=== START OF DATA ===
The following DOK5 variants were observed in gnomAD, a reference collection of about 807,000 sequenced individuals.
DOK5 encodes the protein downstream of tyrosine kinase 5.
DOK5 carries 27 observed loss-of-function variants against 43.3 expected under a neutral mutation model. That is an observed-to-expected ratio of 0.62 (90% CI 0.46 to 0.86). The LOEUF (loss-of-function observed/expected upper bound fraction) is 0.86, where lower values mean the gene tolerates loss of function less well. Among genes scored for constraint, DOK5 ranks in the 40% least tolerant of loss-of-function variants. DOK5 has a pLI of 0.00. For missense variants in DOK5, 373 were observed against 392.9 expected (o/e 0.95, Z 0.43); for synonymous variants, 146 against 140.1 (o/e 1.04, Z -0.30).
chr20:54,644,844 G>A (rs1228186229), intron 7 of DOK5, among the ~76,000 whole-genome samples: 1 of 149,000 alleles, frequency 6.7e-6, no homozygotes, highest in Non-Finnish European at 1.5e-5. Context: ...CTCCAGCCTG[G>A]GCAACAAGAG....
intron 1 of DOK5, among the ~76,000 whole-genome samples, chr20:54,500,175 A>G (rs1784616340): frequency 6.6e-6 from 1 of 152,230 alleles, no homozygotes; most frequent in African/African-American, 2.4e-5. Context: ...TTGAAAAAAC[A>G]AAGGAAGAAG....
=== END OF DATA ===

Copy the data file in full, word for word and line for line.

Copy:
The following DOK5 variants were observed in gnomAD, a reference collection of about 807,000 sequenced individuals.
DOK5 encodes the protein downstream of tyrosine kinase 5.
DOK5 carries 27 observed loss-of-function variants against 43.3 expected under a neutral mutation model. That is an observed-to-expected ratio of 0.62 (90% CI 0.46 to 0.86). The LOEUF (loss-of-function observed/expected upper bound fraction) is 0.86, where lower values mean the gene tolerates loss of function less well. Among genes scored for constraint, DOK5 ranks in the 40% least tolerant of loss-of-function variants. DOK5 has a pLI of 0.00. For missense variants in DOK5, 373 were observed against 392.9 expected (o/e 0.95, Z 0.43); for synonymous variants, 146 against 140.1 (o/e 1.04, Z -0.30).
chr20:54,644,844 G>A (rs1228186229), intron 7 of DOK5, among the ~76,000 whole-genome samples: 1 of 149,000 alleles, frequency 6.7e-6, no homozygotes, highest in Non-Finnish European at 1.5e-5. Context: ...CTCCAGCCTG[G>A]GCAACAAGAG....
intron 1 of DOK5, among the ~76,000 whole-genome samples, chr20:54,500,175 A>G (rs1784616340): frequency 6.6e-6 from 1 of 152,230 alleles, no homozygotes; most frequent in African/African-American, 2.4e-5. Context: ...TTGAAAAAAC[A>G]AAGGAAGAAG....